HOW TO TRANSFER TITLE. QUIT CLAIM DEED – NO NO’S
Is there a disadvantage to you when you are transferring the deed to your house? There are always advantages. So we’re going to look at one disadvantage that there may be when you transfer the title or transfer the deed of your house by adding somebody onto the title of the deed. Oftentimes, people add their siblings, their kids, or someone close to them to their property by using joint tenancy and the right of survivorship to avoid probate. That could be a good thing or a bad thing.
Let’s look into that. By the way, when there is a deed as joint tenants with a right of survivorship, which means that, let’s say there are two people on the title, if one of them passes, the other person on the title gets the house, and vice versa, So that’s a joint tenant with the right of survivorship. By the way, I’m not an attorney or a CBA, so if you have a situation where you need to transfer a title and are looking for information, I would strongly advise you to consult with an attorney who is knowledgeable about transfers and titles transfers, or consult with your accountant or another professional.
My video is just to give you some basic information on the advantages and disadvantages of a title transfer. So the best way for me to explain it to you is through an example. Let’s say a dad has owned the house for a long time, and he wants to add his kids to the title of the deed of the house. So whenever he passes along, the kids will have the house, and they will try to avoid probate. Well, that’s a good thing and an easy way to do it.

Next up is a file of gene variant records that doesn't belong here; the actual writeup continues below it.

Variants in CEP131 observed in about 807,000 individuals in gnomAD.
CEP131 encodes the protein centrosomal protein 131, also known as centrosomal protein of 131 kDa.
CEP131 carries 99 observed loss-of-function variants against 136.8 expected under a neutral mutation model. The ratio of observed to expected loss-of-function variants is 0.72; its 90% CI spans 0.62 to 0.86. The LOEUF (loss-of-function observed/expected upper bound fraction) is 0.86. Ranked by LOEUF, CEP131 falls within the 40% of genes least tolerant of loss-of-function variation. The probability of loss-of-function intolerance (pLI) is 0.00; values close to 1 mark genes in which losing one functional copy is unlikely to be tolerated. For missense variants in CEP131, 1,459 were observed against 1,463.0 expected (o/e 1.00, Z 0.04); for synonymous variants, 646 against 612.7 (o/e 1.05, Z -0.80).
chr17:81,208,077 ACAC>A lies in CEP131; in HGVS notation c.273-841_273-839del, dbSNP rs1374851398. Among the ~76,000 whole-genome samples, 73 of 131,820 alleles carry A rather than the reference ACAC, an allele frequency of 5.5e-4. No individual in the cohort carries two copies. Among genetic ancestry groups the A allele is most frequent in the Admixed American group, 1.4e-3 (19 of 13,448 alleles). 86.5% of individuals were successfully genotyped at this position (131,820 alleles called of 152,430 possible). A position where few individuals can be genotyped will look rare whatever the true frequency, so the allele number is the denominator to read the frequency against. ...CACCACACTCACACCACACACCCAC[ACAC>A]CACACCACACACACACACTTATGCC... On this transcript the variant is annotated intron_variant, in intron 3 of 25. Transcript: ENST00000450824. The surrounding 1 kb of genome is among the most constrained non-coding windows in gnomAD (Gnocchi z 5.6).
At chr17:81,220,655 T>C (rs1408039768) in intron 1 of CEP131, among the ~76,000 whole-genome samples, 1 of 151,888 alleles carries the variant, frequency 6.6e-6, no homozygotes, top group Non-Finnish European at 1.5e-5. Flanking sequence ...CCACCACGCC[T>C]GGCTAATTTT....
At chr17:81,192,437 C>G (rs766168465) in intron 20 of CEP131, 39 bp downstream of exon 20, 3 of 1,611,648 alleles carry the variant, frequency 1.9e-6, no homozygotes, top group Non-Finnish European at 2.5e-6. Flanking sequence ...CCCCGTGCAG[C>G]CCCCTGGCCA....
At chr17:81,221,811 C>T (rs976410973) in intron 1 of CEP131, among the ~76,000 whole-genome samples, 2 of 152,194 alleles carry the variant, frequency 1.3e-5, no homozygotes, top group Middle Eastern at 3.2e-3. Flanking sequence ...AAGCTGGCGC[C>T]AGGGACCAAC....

But here’s a disadvantage that may arise in the future. So, say the father bought the house for $100,000 25 or 30 years ago, and now, 25 years later, the house is worth $900,000 or a million dollars, which is very possible in California because homes appreciate very quickly. And as you may know, the average home appreciation nationwide is about 4% per year. So in 30 years, the house will have appreciated a lot. But in that scenario, let’s say that dad bought the house for $100,000, and in today’s market, it’s worth a million dollars. Assuming the father added the children as joint tenants with the right of survivorship, and assuming the father dies today, the house obviously belongs to the children, or to the children, or to whoever the house was transferred to; the disadvantage is if the children do not want to stay in the house. They already have a house, or the dad is out of state, so they don’t want to move and want to sell the house. So now when the kids sell the house, the value of the property is a million dollars, and dad bought the house for $100,000 way back when. So, in this scenario, the capital gains tax, or the capital gain on this property, is $900,000. So if the kids sell the property today, they may be liable for up to $900,000 in capital gains tax, which is very, very high today, especially in California. Now, one way to avoid that, or one possible way to avoid paying taxes, is if the dad had a will or a living trust. As a result, when he dies, the property will be transferred to his siblings, children, or whoever is named in a living trust or will. In this situation, the house would be worth a million dollars. So let’s say the dad did have a living trust, a testament, or a will, and he passes away, and the kids decide to sell it, and they sell it for a million dollars. In this case, there may not be any taxes because the basis, or step-up basis, of the house, is now $1 million, not $100,000, because there was a will and a trust, versus there being no will or trust when you just need a transfer deed, as in my previous example. So that’s the advantage of doing things right by doing them through an attorney. However, this is only one method of transferring a title. And of course, the recommended way is through a living trust or a will. Talk to your accountant or your attorney.